“Because of these new processes, Goldman Sachs predicts that in just five years, the U.S. could pass Saudi Arabia and Russia as the world’s largest oil producer,” report Whitman and Alfonsi. “Finally, a decades-old dream, talked about by every U.S. president since Richard Nixon, seems possible – energy independence.”
The boom is still creating as many as 2,000 millionaires a year in North Dakota, said Bruce Gjovig, founder of the Center for Innovation at the University of North Dakota. Many oil region residents receive $50,000 or $60,000 a month in oil royalties and some more than $100,000, said David Unkenholz, a senior trust officer at First International Bank & Trust in Watford City.
“Shale energy has been a game changer for economic growth,” Stephanie Catarino Wissman, executive director of the Associated Petroleum Industries of Pennsylvania, told The DC Caller. “Hydraulic fracturing provided $62 billion in additional government revenue in 2012 and will provide more than $111 billion in 2020. 1.7 million jobs are currently supported by unconventional oil and natural gas activity, and that number grows to some 2.5 million jobs in 2015, 3 million jobs in 2020, and 3.5 million jobs in 2035.”
“You can’t tell the average Joe farmer from the average Joe millionaire,” Ward Heidbreder, Stanley city coordinator told Bailey. Average income in Mountrail County, the hub of the North Dakota oil production boom, has “roughly doubled in five years,” writes Bailey, “ranking it in the richest 100 U.S. counties – including New York City and Marin, California.”
“The average shale oil well costs anywhere from $5-10 million to drill, complete and put into production,” writes Insley. “Once put in to production, though, the estimated ultimate recovery for a productive well could pay out to the tune of $30-40 million.
“You get the idea,” writes Insley. “There’s a lot of money to be made here. An average land-leaser could expect to get anywhere from 10-25 percent of the payout on oil production. With a little back of the envelope math, it’s not out of the question to think that some of these local farmers and land-owners are cashing in 6-digit checks every quarter. If they have multiple wells on their property, the payout could grow even higher.”
“When it comes to shale oil, the first two places you’ll want to look are clear,” writes Insley, “the Eagle Ford formation in Texas and North Dakota’s booming Bakken formation.” For natural gas, Pennsylvania is a hot spot. Other fields are developing in Ohio and Arkansas.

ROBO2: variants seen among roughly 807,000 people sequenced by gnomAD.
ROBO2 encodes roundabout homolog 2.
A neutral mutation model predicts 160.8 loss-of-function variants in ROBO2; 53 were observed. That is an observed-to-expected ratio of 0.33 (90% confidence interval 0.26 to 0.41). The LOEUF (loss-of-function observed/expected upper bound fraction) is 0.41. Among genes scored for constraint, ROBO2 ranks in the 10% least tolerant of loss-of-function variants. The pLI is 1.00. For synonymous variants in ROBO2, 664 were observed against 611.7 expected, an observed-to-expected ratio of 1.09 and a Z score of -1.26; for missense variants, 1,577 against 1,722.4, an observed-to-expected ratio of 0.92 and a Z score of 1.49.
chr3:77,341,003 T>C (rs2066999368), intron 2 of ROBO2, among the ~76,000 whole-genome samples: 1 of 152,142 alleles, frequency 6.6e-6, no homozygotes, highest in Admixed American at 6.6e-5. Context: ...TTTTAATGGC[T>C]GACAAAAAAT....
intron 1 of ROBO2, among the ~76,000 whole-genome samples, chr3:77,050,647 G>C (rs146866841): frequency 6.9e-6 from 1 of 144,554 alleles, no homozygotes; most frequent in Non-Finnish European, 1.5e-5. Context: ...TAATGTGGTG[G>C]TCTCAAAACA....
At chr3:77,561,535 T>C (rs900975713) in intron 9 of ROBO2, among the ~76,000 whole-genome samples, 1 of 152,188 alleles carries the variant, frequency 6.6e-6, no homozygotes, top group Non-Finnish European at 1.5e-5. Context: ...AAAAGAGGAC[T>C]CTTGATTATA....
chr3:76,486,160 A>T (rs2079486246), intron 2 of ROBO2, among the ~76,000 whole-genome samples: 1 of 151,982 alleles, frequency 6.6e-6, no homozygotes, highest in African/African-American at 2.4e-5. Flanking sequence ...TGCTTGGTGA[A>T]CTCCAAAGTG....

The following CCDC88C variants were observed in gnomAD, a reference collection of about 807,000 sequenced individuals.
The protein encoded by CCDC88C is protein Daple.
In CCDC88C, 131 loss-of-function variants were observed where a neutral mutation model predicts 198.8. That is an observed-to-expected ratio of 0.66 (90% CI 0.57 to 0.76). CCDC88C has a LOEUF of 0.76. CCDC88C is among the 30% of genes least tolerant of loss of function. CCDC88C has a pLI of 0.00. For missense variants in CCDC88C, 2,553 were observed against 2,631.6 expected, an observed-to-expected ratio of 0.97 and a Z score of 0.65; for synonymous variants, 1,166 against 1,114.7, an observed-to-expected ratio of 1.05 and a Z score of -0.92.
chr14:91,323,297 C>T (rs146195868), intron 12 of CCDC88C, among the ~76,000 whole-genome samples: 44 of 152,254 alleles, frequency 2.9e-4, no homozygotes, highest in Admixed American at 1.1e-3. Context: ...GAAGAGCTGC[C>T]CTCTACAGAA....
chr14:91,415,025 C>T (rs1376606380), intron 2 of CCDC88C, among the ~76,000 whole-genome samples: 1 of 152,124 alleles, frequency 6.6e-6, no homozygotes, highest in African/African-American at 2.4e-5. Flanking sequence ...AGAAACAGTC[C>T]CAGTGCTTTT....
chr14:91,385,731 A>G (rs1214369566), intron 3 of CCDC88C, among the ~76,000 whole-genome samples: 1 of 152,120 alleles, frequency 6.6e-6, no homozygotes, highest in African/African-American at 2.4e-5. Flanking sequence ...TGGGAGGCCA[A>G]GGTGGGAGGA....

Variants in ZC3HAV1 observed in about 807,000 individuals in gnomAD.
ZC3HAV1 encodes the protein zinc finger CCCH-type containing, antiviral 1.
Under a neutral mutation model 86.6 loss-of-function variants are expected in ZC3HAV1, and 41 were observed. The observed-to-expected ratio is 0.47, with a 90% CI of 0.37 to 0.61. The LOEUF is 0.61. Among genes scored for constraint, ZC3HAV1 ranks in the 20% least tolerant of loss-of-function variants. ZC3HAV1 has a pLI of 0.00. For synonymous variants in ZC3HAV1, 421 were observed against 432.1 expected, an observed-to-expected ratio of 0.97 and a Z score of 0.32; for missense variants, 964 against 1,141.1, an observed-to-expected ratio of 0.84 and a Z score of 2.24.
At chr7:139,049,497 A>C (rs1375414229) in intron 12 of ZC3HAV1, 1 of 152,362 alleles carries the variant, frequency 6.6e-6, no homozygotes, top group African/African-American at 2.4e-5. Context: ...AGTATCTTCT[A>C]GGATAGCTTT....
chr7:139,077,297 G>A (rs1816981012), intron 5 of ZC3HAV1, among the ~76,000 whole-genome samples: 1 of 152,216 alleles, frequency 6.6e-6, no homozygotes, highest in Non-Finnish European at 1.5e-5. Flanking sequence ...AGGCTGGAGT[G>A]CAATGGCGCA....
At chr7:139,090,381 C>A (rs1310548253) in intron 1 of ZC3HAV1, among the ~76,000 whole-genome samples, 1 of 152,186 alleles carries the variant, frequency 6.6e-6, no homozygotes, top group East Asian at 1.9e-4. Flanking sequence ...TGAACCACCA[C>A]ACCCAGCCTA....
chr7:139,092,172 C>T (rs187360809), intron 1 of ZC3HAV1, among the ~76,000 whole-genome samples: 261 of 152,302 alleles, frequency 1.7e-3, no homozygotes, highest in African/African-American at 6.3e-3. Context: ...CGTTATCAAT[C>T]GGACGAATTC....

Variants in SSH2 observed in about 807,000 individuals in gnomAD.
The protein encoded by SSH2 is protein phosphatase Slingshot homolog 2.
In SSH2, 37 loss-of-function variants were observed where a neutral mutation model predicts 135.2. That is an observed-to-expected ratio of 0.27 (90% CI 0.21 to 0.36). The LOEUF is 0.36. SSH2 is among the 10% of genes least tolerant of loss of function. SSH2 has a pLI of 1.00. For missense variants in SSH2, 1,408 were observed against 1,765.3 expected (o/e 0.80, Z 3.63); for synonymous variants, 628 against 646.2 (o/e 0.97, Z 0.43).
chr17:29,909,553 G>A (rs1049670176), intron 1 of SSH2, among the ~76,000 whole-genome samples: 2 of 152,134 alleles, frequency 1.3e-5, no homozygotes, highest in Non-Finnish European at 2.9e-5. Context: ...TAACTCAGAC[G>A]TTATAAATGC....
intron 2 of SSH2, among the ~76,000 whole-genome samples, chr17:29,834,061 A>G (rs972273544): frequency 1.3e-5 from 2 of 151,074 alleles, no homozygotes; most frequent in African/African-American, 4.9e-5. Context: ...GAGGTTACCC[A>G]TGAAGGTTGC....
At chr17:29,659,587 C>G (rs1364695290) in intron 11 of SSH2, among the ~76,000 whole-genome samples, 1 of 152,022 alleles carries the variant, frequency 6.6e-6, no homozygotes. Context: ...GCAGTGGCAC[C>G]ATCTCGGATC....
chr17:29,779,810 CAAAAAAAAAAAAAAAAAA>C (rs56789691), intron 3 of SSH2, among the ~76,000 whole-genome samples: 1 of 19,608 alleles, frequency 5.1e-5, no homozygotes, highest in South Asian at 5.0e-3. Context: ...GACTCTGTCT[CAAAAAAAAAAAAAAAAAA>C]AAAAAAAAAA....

The new found wealth of natural gas – tapped by such new technologies as hydraulic fracking is “set to create a ‘new world’ of energy,” writes Insley – and could mean an end to billions paid to foreign producers daily.
They’re not at all happy about that. Billionaire Saudi Prince Alwaleed bin Talal has warned shale oil and gas development poses a threat to the kingdom’s economy, the Wall Street Journal’s Summer Said reports. In an open letter to Saudi oil minister Ali al Naimi [in Arabic], Alwaleed also warns" “Our country is facing a threat."An anti-fracking film, “Promised Land,” starring Matt Damon recently bombed at the box office. Financed by the royal family of the oil-rich United Arab Emirates, the documentary attempted to prove that fracking is dangerous, reported Lachlan Markay.
Environmental activists have achieved fracking bans in Vermont, Buffalo, N.Y., and Pittsburgh, Pennsylvania. In Europe, the “green” movement has succeeded in prompting the French, Polish and Bulgarian governments to ban fracking. Similar efforts are vocal and growing in Ireland and Britain.
Is that a mistake?
“Everybody around the world has taken notice,” said Daniel Simmons, an energy scholar at the Institute for Energy Research, a Washington-based think tank and research organization. “They’re starting to wonder if they can get a part of the same energy revolution that we have here.”
The independent Beijing-based publication Caixin recently reported the Asian superpower is planning a “huge fracking industry” and that “the model for China’s anticipated success is the U.S. shale gas sector.”
Texas-based FTS International Inc., a leading fracking equipment company, has announced the signing of joint venture deals with partners in Brazil.
With the new technologies, America may no longer need Middle East oil, she said, adding, “With the right policies in place, America could meet 100 percent of its liquid fuel needs through safe, reliable North American sources by 2024.”
The International Energy Agency predicts America will overtake Saudi Arabia before 2020.
So, are we getting ready for a new crop of Jed Clampetts?
Could you be one of the overnight millionaires?
“Up from the ground come a’bubblin’ crude. Oil that is, black gold, Texas tea …”